Gaza needs billions of dollars in international economic aid to compensate for years of restrictions that have stifled its economy and curbed its development, according to a report published on Wednesday by the United Nations trade body.
In its report on the economic development of the Occupied Palestinian Territory for 2022, the United Nations Conference on Trade and Development (UNCTAD) highlighted the dire economic conditions in Gaza, even prior to Israeli strikes on the enclave in reprisal for the deadly Oct. 7 attacks by Hamas gunmen in southern Israel.
“Donors and the international community need to extend significant economic aid to repair the extensive damage Gaza has experienced under prolonged restrictions and closures and frequent military operations, which has stifled the economy and decimated infrastructure,” the report said, Reuters reported.
“While donor aid is important to assist the people of Gaza, it should not be viewed as a substitute for ending the restrictions and closures and calling on Israel and all parties to bear their responsibilities under international law,” the report said.
Speaking to reporters in Geneva, Richard Kozul-Wright, director of UNCTAD’s division on globalization and development strategies, said it was difficult to assess how much Gaza would actually need until the current conflict ceases.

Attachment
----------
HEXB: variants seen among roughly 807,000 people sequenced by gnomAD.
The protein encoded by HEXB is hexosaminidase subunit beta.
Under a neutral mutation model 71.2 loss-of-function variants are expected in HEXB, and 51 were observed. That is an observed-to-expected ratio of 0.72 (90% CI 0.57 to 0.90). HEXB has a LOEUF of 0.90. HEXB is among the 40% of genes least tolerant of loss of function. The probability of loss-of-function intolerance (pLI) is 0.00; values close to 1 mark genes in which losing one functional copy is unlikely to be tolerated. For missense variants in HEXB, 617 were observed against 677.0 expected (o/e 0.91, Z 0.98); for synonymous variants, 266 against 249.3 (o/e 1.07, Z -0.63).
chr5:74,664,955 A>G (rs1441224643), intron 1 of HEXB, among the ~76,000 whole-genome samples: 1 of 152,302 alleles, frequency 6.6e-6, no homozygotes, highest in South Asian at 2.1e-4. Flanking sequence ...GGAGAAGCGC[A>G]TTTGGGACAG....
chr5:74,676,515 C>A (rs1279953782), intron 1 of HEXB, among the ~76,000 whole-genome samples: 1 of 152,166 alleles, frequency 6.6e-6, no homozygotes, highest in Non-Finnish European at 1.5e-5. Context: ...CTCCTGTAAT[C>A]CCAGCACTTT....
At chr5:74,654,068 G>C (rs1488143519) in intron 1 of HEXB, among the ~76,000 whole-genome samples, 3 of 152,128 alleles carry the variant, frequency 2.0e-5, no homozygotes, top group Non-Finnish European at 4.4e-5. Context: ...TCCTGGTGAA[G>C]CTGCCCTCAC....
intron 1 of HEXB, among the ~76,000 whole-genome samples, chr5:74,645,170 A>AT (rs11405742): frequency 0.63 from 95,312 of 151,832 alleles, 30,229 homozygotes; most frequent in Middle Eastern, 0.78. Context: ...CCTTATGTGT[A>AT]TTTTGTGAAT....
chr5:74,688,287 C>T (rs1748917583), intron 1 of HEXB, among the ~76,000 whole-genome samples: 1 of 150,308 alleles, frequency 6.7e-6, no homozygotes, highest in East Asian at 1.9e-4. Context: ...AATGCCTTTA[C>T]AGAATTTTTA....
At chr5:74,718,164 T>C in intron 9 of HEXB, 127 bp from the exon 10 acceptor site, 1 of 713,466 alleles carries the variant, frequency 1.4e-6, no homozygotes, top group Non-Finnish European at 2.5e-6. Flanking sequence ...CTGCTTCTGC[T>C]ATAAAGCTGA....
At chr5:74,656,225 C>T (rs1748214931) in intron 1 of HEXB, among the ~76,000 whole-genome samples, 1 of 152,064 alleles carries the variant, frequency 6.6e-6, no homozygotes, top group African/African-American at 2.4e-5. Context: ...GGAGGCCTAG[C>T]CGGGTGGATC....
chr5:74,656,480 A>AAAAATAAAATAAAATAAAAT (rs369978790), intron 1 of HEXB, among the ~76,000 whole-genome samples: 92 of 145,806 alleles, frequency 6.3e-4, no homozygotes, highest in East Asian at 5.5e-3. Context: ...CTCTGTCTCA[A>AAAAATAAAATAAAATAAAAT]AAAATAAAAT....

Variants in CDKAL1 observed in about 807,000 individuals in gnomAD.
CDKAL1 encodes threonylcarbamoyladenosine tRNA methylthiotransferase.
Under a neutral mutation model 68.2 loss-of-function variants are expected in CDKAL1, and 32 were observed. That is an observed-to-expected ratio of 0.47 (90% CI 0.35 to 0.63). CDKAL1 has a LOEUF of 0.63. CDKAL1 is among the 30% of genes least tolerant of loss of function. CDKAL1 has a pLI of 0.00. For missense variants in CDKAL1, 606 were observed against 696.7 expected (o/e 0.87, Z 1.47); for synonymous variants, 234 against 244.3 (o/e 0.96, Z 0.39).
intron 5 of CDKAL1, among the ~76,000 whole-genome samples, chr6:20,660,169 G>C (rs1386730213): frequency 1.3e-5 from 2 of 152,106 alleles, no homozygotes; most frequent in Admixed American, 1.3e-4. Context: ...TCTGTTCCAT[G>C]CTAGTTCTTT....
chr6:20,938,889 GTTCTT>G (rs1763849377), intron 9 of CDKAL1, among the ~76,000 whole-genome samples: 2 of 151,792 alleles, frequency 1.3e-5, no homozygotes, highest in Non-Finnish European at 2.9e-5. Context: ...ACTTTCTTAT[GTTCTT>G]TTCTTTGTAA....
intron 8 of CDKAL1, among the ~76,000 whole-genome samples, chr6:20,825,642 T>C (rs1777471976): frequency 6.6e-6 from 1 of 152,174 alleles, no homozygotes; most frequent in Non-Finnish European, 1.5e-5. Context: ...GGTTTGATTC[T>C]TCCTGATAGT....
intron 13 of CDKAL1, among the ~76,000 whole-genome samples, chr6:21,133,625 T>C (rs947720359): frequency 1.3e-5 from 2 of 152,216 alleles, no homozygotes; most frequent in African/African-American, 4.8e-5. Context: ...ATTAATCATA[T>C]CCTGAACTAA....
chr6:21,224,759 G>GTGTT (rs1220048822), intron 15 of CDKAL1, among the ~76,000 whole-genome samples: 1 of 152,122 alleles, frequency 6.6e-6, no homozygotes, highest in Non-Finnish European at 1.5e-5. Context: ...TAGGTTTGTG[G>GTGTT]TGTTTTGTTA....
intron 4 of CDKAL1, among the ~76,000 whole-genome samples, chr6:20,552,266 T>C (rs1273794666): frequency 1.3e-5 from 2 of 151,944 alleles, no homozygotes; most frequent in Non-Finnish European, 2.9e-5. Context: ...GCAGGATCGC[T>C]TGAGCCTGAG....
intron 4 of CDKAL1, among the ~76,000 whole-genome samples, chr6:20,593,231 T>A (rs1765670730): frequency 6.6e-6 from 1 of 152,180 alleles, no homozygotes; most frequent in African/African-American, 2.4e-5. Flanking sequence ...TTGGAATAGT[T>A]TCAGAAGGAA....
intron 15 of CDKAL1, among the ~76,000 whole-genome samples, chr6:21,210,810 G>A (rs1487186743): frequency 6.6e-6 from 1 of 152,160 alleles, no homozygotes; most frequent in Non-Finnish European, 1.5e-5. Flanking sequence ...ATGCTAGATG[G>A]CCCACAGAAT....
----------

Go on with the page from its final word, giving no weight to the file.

“But it’s going to be in the billions of dollars,” he said.
There has also been a steep decline in aid between 2008 and 2022, from $2 billion, or 27% of GDP, to $550 million, or less than 3% of GDP, last year.
Nearly half of Gaza’s population is unemployed, and more than half lives in poverty, the report said.
Although workers in Gaza have been allowed access to the job market in Israel for the first time in recent years, the number of permits issued — around 1% of employed workers in Gaza — are too few to counter poverty.
“Border closures and repeated military operations have set in motion a vicious circle of economic and institutional collapse that has rendered Gaza a case of ‘development in reverse,'” the report said.
“The impact is not confined to the short term. Indirect and long-term effects will reverberate through future generations.”